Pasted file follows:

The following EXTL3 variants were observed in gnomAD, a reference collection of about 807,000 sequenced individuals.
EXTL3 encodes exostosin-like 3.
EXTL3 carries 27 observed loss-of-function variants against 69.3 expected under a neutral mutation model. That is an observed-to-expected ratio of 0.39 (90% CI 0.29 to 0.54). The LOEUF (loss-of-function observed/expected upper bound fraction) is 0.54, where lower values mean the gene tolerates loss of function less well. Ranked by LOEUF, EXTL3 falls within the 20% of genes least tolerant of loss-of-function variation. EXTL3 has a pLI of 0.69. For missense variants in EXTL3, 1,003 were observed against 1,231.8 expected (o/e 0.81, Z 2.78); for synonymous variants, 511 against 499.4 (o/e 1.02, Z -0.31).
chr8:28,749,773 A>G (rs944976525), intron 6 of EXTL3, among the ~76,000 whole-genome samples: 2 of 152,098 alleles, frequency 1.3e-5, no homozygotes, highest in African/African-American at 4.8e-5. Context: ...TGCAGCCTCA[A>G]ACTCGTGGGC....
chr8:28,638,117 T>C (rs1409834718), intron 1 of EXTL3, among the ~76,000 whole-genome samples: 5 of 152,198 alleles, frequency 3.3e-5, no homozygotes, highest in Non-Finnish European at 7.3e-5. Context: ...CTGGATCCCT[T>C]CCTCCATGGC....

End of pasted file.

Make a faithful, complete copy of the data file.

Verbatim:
The following EXTL3 variants were observed in gnomAD, a reference collection of about 807,000 sequenced individuals.
EXTL3 encodes exostosin-like 3.
EXTL3 carries 27 observed loss-of-function variants against 69.3 expected under a neutral mutation model. That is an observed-to-expected ratio of 0.39 (90% CI 0.29 to 0.54). The LOEUF (loss-of-function observed/expected upper bound fraction) is 0.54, where lower values mean the gene tolerates loss of function less well. Ranked by LOEUF, EXTL3 falls within the 20% of genes least tolerant of loss-of-function variation. EXTL3 has a pLI of 0.69. For missense variants in EXTL3, 1,003 were observed against 1,231.8 expected (o/e 0.81, Z 2.78); for synonymous variants, 511 against 499.4 (o/e 1.02, Z -0.31).
chr8:28,749,773 A>G (rs944976525), intron 6 of EXTL3, among the ~76,000 whole-genome samples: 2 of 152,098 alleles, frequency 1.3e-5, no homozygotes, highest in African/African-American at 4.8e-5. Context: ...TGCAGCCTCA[A>G]ACTCGTGGGC....
chr8:28,638,117 T>C (rs1409834718), intron 1 of EXTL3, among the ~76,000 whole-genome samples: 5 of 152,198 alleles, frequency 3.3e-5, no homozygotes, highest in Non-Finnish European at 7.3e-5. Context: ...CTGGATCCCT[T>C]CCTCCATGGC....